Each summer, members of SCUBAnauts International and Combat Wounded Veteran Challenge convene in the Florida Keys to support Mote Marine Lab in their coral restoration nurseries. This year, due to historically warm water temperatures, Mote’s team was hesitant to stress the corals any further by conducting typical fragmenting or outplanting activities in which additional corals are created and replaced to surrounding reefs.

Fortunately for us, the in situ nurseries near both Summerland Key and Key West were in need of expansion. Getting duckbill anchors 3ft into the sand is no easy feat and typically takes Mote’s team several days to complete small numbers. Enter… SCUBAnauts like Braydan K. from the Sarasota Chapter. This was Braydan’s first mission wtih SCUBAnauts. See what he has to say about his time in Mote’s field nurseries.


A Little Hard Work…

Braydan uses a hammer and rebar post to pound a duckbill anchor 3ft into the sand. This will support a coral tree in the future.

My first experience at the Mote nursery was full of great opportunities for me and all the other Nauts. Our job at Mote was to hammer in coral tree anchors underwater at 15ft to 20ft! The anchors are used to hold the coral trees which increase the growth rate of the coral that was placed on to the coral tree. The anchors that we had to hammer into the ground were silver and about 4ft long. It was hard because of being underwater. You have to watch your air use and there were some areas of sand that were hard as rock. If an anchor was easy it took about 3 min and if it was hard about 10 min. It was very hard work, but we stood with it until the end and finished our job.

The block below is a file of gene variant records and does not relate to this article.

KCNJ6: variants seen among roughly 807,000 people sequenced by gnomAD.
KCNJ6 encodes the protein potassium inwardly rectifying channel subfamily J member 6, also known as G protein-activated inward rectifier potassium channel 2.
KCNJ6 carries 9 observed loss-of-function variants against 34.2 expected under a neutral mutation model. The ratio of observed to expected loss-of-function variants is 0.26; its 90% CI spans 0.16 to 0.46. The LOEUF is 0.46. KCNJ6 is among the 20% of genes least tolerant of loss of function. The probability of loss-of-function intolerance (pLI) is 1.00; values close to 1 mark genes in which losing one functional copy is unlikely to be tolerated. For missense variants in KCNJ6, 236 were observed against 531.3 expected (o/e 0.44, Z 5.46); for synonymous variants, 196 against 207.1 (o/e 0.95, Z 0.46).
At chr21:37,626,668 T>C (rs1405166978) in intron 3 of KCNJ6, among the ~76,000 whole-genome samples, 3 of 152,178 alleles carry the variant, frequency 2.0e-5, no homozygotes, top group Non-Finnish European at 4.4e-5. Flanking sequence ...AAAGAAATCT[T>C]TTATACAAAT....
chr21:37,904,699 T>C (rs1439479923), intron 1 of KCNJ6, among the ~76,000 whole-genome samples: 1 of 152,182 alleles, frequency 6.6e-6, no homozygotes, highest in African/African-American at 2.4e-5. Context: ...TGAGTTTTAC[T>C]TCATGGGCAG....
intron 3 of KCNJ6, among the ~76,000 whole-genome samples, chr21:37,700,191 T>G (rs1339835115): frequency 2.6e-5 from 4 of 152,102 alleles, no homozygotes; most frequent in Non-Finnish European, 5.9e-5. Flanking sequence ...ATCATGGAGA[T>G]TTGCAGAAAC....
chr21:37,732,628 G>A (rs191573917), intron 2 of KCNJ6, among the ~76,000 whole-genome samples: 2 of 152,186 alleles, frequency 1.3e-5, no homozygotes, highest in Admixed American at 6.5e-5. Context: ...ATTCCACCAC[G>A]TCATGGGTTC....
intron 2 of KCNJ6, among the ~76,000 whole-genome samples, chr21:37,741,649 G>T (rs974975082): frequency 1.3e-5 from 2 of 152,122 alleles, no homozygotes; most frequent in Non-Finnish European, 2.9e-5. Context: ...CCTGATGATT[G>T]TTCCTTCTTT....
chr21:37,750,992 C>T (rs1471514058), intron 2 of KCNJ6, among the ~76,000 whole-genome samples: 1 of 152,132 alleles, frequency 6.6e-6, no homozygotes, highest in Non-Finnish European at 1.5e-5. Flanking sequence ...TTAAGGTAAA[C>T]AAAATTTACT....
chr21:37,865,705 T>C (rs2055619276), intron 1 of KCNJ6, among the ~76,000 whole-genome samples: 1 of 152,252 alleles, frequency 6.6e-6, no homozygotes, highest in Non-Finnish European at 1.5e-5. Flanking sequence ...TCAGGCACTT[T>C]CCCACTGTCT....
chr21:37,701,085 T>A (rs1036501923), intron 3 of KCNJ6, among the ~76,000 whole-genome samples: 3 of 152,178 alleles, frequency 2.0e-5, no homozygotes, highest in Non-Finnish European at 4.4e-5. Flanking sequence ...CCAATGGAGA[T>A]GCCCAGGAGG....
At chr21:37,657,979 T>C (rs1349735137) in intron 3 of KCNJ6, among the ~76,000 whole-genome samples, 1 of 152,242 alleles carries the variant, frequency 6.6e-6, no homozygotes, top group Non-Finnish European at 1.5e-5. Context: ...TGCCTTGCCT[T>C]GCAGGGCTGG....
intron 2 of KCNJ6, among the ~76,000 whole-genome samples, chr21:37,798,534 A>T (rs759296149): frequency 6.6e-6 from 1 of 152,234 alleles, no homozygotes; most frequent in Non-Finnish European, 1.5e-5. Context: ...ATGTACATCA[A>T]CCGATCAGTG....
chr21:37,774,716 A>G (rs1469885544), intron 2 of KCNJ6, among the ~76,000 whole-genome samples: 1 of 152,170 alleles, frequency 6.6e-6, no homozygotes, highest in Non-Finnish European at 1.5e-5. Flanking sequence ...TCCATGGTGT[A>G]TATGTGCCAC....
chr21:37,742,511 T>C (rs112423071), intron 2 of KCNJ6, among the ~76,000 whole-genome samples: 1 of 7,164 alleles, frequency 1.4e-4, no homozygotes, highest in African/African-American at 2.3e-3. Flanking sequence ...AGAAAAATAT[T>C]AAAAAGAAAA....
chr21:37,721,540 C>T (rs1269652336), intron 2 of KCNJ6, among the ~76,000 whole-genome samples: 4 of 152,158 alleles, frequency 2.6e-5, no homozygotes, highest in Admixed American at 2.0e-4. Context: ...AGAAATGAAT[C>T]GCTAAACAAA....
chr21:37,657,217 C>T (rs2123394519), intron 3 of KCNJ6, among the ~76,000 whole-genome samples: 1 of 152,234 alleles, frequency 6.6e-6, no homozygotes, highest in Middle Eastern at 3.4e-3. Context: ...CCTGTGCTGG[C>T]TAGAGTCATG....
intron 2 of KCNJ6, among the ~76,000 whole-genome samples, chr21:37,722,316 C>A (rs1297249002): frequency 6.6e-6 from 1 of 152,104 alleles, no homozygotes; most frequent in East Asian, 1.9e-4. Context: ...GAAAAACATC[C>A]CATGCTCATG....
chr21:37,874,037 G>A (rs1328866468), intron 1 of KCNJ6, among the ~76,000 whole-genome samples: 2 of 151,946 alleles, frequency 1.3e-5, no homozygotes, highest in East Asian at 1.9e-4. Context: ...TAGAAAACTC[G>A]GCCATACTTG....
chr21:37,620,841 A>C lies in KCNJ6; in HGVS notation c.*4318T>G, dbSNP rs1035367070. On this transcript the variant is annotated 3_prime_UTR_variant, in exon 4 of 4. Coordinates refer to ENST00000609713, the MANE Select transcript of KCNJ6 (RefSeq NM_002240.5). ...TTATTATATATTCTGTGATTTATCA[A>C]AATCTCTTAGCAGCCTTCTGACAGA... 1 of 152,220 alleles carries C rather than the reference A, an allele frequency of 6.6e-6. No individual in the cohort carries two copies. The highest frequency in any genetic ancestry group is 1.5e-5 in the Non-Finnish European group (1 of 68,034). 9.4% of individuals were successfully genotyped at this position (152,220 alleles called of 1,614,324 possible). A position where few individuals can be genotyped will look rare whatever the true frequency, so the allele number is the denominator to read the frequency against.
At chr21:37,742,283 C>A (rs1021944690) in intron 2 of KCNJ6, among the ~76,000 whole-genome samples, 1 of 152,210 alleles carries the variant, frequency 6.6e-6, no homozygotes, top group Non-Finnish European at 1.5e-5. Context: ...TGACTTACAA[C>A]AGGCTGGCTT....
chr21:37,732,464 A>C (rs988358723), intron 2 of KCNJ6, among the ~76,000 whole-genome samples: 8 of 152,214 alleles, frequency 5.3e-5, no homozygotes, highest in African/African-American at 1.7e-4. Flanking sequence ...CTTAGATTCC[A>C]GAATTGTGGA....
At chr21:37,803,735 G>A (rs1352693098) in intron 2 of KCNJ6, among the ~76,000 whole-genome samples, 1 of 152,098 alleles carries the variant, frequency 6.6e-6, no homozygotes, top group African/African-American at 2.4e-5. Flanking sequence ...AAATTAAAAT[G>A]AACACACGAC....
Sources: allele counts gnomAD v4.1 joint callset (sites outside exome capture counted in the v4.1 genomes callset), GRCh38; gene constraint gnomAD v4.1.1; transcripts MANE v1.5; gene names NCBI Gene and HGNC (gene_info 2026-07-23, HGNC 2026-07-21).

We SCUBAnauts hammered over 50 anchors into the coral nursery at Mote’s Summerland Key location on the first day of helping Mote. We finished all the work they wanted us to do and it was good and challenging work. Then in Key West we also hammered anchors at Mote’s Sand Key nursery and completed over 100 anchors in a whole new area! That work was done with Combat Wounded Veteran Challenge (CWVC) underwater and they had helped us put in all 100 anchors.


And a Lot of Inspiration

When I was doing it my arms were so very sore and I had to switch with my buddy a lot. Also, my arms were sore for a little bit of the week, but is really worth it! This job is one that takes more willpower than I thought it would take. Doing this type of work helps the ocean a lot and improves our ocean and for the next generation. After we got done hammering anchors at the Summerland nursery I also got to see my cousin, Zack Morris’s memorial plaque. Zack is an important reason and one of the first things that got me into SCUBAnauts and I’m happy that I’m here writing this essay.

Braydan visits a memorial in Mote’s Summerland Key nursery dedicated to his cousin and SCUBAnauts alumni, Zack.

When we got back, lots of the drivers were sore, happy, and proud of what they had done both of those days. Also, many of the senior Nauts, like Conner K., hope to have a job related marine work like what Mote is doing for our ocean so it was really cool they got to help. I was really surprised at how hard the work is that the scientists at Mote do and this amazes me that they have the strength to do it.

We can all say that we must save our ocean to save our world, but we can’t just sit around. We have to get up and actually do something to save the ocean. It would be good if we focused on saving the ocean as much as we do on our phones. Because we need it to survive and live a long happy life.

— Braydan K., Naut-in-Training, Sarasota Chapter